Printer Friendly Version

Back to Basic Definitions Page | Back to Main FAQ Page

Subject: A20) What does AL90, AL91, or 92L refer to in the tropical discussions?

Contributed by Neal Dorst

Oftentimes, hurricane specialists become curious about disturbances in the tropics long before they form into tropical depressions and are given a tropical cyclone number. In order to alert forecasting centers that they are investigating such a disturbance and that they wish to have it tracked by the various forecast models, the specialist will attach a 9-series number to it. The first such disturbance of the year will be designated 90, the next 91, and so on until 99. After that, they restart the sequence with 90 again. The purpose of these numbers is to clarify which disturbance they are tracking as there are often more than one happening at the same time.

To further clarify matters, each number is accompanied by a two-letter code designating which tropical cyclone basin the disturbance is in. "AL" is used for the Atlantic basin (including the Caribbean Sea and Gulf of Mexico), "EP" for the Eastern Pacific, "CP" for Central Pacific, and "WP" for the Western Pacific.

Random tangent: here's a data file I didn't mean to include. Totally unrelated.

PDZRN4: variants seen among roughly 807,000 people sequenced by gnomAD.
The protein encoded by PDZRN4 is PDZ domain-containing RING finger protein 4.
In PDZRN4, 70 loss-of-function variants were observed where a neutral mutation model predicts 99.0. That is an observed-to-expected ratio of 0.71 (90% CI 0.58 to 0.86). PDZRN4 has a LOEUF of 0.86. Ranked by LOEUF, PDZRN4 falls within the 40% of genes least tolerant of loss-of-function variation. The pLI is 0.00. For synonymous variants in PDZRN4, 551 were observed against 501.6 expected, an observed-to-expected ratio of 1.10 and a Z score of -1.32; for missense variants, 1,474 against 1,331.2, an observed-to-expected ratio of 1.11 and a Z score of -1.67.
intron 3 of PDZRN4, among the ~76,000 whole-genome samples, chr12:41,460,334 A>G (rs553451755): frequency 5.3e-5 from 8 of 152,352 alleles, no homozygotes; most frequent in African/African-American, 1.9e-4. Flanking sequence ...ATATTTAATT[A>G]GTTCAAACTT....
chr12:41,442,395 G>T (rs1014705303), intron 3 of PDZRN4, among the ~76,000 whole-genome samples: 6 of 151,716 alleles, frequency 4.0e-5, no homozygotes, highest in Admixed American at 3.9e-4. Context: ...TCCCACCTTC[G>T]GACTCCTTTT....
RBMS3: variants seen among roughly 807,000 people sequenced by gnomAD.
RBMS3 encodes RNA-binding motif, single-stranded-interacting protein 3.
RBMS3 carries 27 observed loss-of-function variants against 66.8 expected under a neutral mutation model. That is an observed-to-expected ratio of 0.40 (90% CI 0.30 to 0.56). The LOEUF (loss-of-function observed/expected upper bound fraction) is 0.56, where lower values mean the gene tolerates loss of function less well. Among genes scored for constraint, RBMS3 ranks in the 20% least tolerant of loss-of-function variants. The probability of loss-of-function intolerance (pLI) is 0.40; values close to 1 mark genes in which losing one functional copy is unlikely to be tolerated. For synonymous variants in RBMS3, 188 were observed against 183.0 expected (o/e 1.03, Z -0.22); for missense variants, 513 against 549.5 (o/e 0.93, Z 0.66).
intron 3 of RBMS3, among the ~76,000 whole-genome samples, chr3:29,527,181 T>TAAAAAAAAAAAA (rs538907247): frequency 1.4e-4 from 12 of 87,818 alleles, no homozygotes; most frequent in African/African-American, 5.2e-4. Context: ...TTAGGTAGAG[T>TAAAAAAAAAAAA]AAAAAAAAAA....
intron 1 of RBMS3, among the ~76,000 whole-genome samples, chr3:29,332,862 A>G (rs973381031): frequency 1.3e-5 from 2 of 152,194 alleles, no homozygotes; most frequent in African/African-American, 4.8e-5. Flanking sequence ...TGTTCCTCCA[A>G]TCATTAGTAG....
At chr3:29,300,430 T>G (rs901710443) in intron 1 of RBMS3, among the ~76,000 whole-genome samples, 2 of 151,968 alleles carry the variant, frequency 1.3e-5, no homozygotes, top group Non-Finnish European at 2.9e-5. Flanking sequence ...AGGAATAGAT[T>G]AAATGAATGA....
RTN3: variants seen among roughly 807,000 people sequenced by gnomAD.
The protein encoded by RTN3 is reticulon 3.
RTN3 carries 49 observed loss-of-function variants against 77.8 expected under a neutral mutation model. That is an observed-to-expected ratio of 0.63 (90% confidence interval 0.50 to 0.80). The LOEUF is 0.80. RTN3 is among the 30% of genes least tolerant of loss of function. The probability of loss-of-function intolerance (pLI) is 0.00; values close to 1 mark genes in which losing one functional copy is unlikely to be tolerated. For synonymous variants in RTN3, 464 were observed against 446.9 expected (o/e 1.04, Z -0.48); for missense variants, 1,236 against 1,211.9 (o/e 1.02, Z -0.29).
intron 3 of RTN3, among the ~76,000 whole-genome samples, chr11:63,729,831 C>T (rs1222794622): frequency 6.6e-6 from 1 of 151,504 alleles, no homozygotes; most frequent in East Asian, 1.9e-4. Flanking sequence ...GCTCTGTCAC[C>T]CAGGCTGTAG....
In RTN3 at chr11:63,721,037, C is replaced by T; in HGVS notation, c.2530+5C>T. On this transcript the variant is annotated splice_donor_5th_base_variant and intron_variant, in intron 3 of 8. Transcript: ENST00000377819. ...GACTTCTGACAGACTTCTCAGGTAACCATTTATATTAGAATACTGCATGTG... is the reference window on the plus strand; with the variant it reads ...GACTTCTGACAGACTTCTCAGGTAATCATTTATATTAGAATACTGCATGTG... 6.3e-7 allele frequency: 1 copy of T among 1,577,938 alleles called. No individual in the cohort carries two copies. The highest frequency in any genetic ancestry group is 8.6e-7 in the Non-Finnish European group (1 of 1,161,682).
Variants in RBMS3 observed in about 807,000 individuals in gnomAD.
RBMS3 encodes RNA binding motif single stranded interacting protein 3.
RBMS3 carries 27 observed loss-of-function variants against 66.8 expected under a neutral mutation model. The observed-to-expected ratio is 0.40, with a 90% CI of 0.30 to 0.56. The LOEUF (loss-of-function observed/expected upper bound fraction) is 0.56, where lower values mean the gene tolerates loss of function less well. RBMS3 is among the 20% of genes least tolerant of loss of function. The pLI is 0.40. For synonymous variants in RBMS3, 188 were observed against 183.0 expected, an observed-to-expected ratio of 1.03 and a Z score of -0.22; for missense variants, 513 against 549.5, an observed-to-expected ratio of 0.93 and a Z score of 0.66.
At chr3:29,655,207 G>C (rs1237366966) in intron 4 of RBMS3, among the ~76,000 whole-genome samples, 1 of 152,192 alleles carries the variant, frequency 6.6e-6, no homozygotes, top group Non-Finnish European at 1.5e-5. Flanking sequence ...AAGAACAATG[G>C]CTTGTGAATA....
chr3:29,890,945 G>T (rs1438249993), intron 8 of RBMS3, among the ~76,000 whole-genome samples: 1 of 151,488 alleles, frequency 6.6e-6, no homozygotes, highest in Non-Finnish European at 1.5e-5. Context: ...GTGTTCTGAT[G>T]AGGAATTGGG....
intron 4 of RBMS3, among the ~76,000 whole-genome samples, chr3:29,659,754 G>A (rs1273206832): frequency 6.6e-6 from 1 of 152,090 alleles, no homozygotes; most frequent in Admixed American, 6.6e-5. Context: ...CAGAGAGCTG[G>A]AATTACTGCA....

Many times in discussions these designations will be shortened to 90L, 91L, and so forth. Also they may be referred to as 'Invest 90L'. However, once a disturbance is designated a tropical depression this 9-series number will be dropped and an ATCF code number will be assigned in its place.


Computer model forecasts for AL90

You may also occasionally see an 8-series number, such as AL82. This means that this is a test investigation. There is no particular disturbance that the specialists are interested in, they're just running a test of the system to make sure communications and software are running properly.


Revised August 14, 2009

Back to Basic Definitions Page | Back to Main FAQ Page
Employee Tools
Stay Connected